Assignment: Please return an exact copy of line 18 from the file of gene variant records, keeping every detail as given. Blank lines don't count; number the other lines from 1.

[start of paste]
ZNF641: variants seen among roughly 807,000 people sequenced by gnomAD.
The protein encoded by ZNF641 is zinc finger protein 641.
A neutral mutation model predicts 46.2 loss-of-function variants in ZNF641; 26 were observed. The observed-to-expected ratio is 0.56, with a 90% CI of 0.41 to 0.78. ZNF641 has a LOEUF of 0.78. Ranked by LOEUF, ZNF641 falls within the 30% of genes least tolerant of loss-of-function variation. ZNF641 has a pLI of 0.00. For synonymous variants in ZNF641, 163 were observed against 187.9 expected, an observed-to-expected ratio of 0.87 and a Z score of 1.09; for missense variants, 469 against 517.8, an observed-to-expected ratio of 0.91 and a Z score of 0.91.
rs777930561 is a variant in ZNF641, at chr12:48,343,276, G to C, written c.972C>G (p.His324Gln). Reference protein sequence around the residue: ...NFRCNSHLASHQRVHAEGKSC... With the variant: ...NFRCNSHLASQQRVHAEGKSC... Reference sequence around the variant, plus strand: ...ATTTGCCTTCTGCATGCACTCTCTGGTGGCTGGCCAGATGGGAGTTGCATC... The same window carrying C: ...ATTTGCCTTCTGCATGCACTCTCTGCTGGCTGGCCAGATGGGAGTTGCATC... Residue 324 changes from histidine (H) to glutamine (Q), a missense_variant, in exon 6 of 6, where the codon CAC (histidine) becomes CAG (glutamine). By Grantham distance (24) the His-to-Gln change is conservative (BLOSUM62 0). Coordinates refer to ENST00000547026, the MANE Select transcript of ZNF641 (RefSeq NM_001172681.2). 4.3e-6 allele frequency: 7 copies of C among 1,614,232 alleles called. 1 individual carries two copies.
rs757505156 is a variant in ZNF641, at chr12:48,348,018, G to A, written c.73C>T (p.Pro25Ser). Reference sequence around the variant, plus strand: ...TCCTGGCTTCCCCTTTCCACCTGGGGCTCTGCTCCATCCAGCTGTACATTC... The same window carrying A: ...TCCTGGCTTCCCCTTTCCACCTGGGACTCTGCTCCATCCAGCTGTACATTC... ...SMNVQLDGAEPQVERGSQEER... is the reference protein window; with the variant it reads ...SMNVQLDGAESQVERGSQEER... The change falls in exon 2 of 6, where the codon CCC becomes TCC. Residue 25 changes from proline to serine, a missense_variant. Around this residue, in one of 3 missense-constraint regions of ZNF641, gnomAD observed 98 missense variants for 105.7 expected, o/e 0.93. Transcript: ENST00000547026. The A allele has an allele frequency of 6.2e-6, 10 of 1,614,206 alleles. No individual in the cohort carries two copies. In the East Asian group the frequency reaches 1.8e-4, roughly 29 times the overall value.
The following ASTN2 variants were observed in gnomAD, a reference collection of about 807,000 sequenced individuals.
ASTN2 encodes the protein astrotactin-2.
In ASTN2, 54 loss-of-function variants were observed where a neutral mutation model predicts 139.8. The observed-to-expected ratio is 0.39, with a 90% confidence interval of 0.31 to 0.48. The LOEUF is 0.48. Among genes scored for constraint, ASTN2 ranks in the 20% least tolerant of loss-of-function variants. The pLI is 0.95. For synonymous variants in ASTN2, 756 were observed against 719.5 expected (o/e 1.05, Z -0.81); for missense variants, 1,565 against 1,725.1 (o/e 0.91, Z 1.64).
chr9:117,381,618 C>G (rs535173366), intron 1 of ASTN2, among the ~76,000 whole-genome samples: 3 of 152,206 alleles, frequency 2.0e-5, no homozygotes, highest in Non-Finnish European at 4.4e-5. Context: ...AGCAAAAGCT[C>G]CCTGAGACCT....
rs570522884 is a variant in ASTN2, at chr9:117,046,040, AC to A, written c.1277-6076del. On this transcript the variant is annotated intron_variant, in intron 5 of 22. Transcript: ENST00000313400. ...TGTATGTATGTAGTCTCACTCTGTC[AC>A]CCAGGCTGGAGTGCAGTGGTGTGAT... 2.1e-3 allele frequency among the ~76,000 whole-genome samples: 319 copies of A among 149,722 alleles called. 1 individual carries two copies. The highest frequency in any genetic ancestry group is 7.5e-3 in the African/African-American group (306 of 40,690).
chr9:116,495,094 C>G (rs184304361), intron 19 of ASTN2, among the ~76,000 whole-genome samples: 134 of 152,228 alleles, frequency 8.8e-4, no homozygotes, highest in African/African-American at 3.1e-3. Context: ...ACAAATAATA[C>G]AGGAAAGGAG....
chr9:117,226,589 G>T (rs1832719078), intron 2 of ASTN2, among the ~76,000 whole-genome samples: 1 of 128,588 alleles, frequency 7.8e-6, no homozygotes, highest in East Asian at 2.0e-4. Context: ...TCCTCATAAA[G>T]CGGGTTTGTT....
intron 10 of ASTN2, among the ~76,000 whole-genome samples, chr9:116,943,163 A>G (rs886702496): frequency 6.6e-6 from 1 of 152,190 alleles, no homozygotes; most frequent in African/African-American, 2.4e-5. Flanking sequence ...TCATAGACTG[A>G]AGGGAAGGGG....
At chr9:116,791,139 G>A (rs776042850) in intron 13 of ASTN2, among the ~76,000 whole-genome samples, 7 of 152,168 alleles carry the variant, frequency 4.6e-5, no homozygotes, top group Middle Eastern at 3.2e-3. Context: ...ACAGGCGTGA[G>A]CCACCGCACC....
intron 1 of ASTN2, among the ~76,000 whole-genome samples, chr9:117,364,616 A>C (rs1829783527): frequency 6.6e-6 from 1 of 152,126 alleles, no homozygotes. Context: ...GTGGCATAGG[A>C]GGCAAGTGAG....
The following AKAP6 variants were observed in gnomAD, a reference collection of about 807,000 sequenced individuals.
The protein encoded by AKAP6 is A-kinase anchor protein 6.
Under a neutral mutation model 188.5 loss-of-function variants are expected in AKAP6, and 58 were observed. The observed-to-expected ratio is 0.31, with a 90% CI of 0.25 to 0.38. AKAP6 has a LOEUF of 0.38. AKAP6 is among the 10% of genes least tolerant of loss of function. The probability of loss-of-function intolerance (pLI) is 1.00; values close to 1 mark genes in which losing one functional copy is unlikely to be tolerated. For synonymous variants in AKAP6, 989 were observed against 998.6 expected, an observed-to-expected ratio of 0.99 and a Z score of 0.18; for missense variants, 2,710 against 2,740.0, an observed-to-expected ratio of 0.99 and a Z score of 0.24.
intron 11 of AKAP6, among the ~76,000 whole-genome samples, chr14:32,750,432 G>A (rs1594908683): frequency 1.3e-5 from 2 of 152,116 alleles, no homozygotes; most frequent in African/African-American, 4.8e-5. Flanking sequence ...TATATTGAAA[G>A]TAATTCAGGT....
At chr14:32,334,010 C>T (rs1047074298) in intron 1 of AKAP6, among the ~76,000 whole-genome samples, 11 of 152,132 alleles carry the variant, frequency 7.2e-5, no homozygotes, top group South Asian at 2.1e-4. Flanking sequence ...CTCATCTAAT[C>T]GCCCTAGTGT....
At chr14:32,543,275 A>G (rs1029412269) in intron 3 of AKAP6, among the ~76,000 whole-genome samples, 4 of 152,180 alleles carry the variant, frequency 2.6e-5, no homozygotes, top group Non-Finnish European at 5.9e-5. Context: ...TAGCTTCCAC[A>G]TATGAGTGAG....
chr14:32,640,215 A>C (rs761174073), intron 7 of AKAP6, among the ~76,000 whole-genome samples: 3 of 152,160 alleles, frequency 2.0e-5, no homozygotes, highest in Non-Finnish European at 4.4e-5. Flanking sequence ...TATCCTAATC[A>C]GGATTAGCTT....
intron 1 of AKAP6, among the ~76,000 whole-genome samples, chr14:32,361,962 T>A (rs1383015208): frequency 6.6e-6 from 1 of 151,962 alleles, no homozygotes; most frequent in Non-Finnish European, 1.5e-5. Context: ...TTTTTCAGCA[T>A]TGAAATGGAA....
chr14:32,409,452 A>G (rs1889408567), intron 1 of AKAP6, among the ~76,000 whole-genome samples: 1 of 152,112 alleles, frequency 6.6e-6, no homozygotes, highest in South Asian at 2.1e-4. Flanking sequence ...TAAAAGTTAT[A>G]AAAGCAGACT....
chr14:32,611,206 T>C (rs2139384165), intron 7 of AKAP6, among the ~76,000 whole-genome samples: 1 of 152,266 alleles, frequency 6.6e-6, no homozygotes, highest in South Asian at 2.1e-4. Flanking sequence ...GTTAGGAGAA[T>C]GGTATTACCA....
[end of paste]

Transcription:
Under a neutral mutation model 188.5 loss-of-function variants are expected in AKAP6, and 58 were observed. The observed-to-expected ratio is 0.31, with a 90% CI of 0.25 to 0.38. AKAP6 has a LOEUF of 0.38. AKAP6 is among the 10% of genes least tolerant of loss of function. The probability of loss-of-function intolerance (pLI) is 1.00; values close to 1 mark genes in which losing one functional copy is unlikely to be tolerated. For synonymous variants in AKAP6, 989 were observed against 998.6 expected, an observed-to-expected ratio of 0.99 and a Z score of 0.18; for missense variants, 2,710 against 2,740.0, an observed-to-expected ratio of 0.99 and a Z score of 0.24.